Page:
We asked Hera Hub D.C member, Maggy Sterner, to share some quick tips on just how to respond should you find yourself trapped in an elevator with one or two strangers traveling between building floors.
Four words that drive a dagger into the hearts of small business owners: “What do you do?”.
It can be asked anywhere: in an elevator, in line at the supermarket, at a networking event, or while you’re getting a haircut.
You hear those words and your hair catches fire, your heart starts to pound, and you worry about “tooting your own horn” or “sounding full of yourself.”
When you can describe what you do from your heart – not your head – you’ll connect deeply with your ideal clients and they’ll know you’re the one for them. When you know what you really do, you’ll always say the right words.
The way to stay grounded when you say what you do is by having an elevator pitch ready to go when you need it.
Keep it simple
I use a four-step formula with my clients to help them craft their elevator pitches. Your pitch should answer basic questions: What problem do you solve? What’s your business? Who do you serve? What benefits do your clients get from working with you?
Follow these steps and you’ll have an authentic, conversational way to talk about yourself when you only have a moment to make a connection.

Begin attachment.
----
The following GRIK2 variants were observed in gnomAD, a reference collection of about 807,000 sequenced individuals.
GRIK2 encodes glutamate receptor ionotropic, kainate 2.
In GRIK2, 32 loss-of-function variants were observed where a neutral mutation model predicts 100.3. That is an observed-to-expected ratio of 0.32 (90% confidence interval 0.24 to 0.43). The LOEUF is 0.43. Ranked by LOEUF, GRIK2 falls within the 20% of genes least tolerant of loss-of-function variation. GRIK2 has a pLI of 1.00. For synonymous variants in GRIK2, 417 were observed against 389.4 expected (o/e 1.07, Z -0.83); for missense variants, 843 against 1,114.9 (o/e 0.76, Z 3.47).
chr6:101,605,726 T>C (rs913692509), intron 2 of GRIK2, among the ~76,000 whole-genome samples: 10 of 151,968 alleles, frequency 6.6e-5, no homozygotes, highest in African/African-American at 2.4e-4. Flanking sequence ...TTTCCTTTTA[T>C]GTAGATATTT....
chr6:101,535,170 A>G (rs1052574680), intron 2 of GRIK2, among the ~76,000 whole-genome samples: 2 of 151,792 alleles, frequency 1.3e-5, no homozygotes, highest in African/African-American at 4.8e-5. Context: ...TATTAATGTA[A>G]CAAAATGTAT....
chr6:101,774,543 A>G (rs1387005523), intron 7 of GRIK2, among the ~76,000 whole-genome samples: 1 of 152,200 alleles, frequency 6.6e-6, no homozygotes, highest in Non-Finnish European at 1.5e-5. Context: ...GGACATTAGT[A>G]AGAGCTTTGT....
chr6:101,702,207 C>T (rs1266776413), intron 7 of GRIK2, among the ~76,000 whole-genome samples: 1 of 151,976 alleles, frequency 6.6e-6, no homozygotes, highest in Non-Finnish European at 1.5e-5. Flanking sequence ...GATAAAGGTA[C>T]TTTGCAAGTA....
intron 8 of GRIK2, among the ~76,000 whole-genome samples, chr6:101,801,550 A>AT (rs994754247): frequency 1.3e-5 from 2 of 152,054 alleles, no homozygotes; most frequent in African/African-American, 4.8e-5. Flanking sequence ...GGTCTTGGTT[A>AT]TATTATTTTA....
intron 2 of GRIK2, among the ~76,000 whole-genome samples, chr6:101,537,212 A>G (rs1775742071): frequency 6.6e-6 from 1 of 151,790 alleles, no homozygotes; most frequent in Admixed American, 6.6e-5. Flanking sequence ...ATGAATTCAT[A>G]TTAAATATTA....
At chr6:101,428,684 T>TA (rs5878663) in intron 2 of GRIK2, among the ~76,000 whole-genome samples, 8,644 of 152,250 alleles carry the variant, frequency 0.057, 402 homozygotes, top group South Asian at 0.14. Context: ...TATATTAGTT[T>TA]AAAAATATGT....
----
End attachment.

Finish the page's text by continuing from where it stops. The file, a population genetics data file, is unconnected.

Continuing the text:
1. Start with a question or a “You know…?” statement. This gets you grounded in what you’re going to say next. You are the answer to the problem that plagues them, and they don’t even know it yet. When you say the words that they say to themselves, it’s as if you’re reading their minds. For example, my ‘you know’ is: “You know how you freak out when you have to introduce yourself to a roomful of people?” or “You know how people sometimes look confused when you tell them what you do?
2. Say your name and what you do. It’s super simple. Don’t overcomplicate it. I say, “I’m Maggy Sterner and I’m a brand and business coach.” Think of this part as the barber’s pole hanging outside of your business: it’s easily recognizable and everyone knows what you offer.
3. Say who you help and how. Short. And. Sweet. Modify it for your audience. I say: “I help small business owners discover what they’re really selling and find the words to describe it courageously, out loud and online.” For nonprofits, I say, “I help nonprofits craft mission statements in plain English so everyone can understand why the organization exists and how it helps others.”
4. End with a kicker. This is where you get to blow people’s minds a little. Say what your real job is or what you really do. It can be a metaphor or a clever job title or some combination. I say, “My real job is to be your brand courage coach. When we’re done, you’ll know what you do and be able to stand for it courageously, online and out loud.
Ready, set, go tell someone what you do.
About Maggy Sterner
Maggy Sterner is a brand and business coach. She helps small businesses and nonprofits discover the essence of their brand then find simple words to describe it, out loud and online. Get Maggy’s free elevator pitch template herethen go forth and Live Your Superpower ®
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